Dear Jeanne and Leonard: I’d like to kill my husband, but he’s already dead. He always assured me that I’d be taken care of if something happened to him. Well, something did happen to him – a heart attack – and in his will, he left everything to me.
But the bulk of his money was in his IRA, and it turns out he never got around to removing his first wife as his beneficiary and naming me. As a result, the woman he detested – the woman who left him for her boss – is about to receive $200,000 that should be mine. Is there anything I can do?
– Roseanne, Texas
Dear Roseanne: What you can do is go to the cemetery, dig up your husband and shoot him a few times. You can’t be prosecuted for killing someone who’s already dead, and it might make you feel better. Besides, he deserves it.
Seriously, it doesn’t matter whom your husband wanted to be the beneficiary of his IRA, only whom he named. Sorry, but those are the rules. All you can do at this juncture is appeal to your husband’s former wife’s sense of decency and ask her to share her windfall. But from what you say, we’re guessing decency isn’t her strong suit.
Dear Jeanne and Leonard: Please settle an argument. My friend says that if you go to a multiplex and hate the movie you bought a ticket for, it’s OK to change screens and see another movie as long as you haven’t watched too much of the first one. I say that if you change screens, you need to buy popcorn or something to compensate the theater. Who’s right?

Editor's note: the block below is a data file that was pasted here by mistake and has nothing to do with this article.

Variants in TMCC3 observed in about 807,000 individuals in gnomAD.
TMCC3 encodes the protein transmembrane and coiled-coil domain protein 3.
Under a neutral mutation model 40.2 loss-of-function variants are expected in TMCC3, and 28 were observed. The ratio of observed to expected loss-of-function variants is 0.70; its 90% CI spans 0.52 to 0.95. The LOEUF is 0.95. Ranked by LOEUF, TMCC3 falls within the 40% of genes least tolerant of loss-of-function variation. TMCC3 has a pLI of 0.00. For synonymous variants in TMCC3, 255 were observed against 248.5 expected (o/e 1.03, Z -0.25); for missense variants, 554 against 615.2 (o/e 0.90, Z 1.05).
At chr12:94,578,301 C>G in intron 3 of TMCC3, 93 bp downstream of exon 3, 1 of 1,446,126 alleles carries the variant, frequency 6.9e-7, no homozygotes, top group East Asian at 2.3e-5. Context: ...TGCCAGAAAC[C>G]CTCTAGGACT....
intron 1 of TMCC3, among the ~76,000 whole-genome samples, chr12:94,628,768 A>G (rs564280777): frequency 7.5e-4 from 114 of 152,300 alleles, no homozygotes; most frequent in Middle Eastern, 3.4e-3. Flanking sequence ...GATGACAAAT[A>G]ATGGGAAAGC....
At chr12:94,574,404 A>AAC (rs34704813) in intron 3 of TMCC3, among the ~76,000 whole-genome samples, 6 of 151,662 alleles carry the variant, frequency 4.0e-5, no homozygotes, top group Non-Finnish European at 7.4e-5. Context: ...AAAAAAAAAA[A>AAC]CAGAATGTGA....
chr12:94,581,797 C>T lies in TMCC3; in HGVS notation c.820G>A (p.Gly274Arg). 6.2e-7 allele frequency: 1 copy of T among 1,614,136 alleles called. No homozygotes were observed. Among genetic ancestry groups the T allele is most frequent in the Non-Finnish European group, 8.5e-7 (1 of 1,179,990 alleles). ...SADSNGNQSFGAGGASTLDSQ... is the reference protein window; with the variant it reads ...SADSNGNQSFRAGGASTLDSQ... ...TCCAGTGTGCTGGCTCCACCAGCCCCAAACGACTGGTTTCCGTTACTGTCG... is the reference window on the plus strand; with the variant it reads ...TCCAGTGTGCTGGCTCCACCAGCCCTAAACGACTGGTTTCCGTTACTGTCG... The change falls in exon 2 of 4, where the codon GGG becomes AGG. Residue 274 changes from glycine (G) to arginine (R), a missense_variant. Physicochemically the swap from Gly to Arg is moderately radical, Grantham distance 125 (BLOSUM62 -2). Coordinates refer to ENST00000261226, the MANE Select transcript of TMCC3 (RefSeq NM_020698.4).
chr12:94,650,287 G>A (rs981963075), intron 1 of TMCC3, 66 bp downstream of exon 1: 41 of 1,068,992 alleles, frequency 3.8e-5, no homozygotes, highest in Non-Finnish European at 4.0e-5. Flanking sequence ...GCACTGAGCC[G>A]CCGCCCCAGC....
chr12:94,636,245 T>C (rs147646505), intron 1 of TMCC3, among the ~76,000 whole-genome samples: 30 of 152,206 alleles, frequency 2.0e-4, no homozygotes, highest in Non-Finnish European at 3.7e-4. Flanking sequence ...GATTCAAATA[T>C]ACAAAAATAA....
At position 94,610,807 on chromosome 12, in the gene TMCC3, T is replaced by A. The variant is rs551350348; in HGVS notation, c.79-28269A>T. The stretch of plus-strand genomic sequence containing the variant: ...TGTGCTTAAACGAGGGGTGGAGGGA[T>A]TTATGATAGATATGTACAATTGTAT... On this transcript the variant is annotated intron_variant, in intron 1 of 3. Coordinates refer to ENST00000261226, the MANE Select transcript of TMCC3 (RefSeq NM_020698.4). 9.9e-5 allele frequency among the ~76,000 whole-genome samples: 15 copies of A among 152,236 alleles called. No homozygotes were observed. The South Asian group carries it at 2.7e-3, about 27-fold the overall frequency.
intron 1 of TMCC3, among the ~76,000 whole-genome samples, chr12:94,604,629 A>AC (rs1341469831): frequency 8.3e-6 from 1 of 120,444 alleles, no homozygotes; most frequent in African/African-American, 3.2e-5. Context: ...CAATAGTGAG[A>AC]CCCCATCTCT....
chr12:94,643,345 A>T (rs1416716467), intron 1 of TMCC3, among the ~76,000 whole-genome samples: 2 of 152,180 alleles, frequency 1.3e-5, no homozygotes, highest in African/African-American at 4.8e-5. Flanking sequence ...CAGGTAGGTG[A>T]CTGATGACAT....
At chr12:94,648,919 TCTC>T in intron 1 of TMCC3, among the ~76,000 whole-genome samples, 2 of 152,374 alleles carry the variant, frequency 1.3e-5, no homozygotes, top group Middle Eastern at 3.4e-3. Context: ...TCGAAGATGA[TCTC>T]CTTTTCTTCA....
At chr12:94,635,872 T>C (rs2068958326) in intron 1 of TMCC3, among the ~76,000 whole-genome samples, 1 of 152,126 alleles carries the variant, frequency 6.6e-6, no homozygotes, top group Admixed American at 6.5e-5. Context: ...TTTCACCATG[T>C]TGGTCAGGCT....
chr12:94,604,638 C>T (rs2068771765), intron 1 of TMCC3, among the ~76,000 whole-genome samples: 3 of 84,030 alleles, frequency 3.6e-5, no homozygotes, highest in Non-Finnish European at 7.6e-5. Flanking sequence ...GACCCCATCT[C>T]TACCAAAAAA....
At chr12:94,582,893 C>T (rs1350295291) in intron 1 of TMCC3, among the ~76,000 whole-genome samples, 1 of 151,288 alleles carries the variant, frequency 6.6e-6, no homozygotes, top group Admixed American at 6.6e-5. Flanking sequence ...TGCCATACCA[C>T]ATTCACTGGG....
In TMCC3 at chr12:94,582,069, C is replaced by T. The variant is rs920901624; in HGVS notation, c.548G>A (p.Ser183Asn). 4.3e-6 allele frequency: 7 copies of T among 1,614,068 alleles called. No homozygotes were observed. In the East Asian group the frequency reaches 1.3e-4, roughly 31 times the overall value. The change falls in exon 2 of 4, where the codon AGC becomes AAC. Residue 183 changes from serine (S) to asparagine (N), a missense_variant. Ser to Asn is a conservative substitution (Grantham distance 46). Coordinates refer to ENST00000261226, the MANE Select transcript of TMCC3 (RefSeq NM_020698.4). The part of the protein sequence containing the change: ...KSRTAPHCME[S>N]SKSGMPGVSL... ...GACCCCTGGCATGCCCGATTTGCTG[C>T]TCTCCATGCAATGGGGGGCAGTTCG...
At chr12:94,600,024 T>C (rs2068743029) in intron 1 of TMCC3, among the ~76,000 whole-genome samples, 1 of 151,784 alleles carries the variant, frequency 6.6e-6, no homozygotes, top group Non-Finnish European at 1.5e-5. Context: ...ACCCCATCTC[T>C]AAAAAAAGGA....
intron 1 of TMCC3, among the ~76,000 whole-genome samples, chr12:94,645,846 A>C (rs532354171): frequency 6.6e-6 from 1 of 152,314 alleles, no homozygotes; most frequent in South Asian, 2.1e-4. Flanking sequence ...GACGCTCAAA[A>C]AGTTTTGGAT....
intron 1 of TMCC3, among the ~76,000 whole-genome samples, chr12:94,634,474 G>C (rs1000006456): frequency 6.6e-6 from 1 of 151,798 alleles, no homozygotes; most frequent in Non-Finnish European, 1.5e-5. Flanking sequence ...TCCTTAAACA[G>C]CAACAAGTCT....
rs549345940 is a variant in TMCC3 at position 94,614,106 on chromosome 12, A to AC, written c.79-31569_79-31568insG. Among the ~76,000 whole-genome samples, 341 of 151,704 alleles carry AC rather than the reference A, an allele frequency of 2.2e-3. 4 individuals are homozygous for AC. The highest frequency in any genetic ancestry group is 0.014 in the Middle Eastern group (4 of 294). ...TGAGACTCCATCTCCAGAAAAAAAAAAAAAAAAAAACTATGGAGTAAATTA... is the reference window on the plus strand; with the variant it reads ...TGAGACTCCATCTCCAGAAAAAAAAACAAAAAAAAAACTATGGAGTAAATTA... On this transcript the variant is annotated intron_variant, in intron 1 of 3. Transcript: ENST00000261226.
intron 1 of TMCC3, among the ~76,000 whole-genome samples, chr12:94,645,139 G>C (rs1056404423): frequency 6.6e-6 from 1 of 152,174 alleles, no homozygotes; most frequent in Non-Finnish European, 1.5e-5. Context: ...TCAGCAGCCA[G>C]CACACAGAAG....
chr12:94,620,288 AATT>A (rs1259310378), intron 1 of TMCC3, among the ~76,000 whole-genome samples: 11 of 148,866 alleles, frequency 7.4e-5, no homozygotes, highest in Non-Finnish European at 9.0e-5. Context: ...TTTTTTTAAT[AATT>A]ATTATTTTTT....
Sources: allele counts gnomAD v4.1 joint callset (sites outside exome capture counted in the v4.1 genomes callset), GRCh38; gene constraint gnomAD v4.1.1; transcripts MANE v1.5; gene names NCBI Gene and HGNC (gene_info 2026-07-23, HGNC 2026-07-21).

– Logan, New York
Dear Logan: You’re both wrong. Almost all the money you pay for a movie ticket goes to the film’s distributor, which in turn shares it with the producer. Where the multiplex makes money is on refreshments, not ticket sales. This means that when you walk into that second film without buying a ticket, you’re cheating the people who made and distributed it, not the theater.
So the next time you find yourself at a movie you hate, here’s what to do: Find the theater manager, tell him or her how you feel, and ask for a refund so you can buy a ticket to a different show. But you need to speak up within five or 10 minutes of the start of the movie, and you can’t do this very often. After all, multiplexes are for viewing movies, not sampling them.
Dear Jeanne and Leonard: My mother-in-law left her house – her only possession of value – to her four daughters. Before she died, she added a handwritten note to her will stating that any children who were destitute could live in the home. So now my wife’s sisters are living there for free while expecting my wife to pay a quarter of the expenses. And get this: One sister is a millionaire; one is a retired civil servant with a fat pension; and one inherited money, which she promptly gave away. My wife and I are sick of supporting these freeloaders. What do you suggest?
– M.K., Los Angeles
Dear M.K.: Sick of supporting them? Is that all? Aren’t you and your wife just a little annoyed that your sisters-in-law have, in effect, appropriated her inheritance?
Look, you can try talking to these women and explaining why what they’re doing is wrong. But people with their kind of chutzpah rarely care. To put an end to the freeloading – to get them to either pay rent or move out – you’ll probably need to hire an attorney.
We know, no one wants to sic a lawyer on a relative. But with people as brazen as your sisters-in-law, you’re not going to get them out of the house by expressing your outrage in an email and threatening to boycott Thanksgiving dinner.
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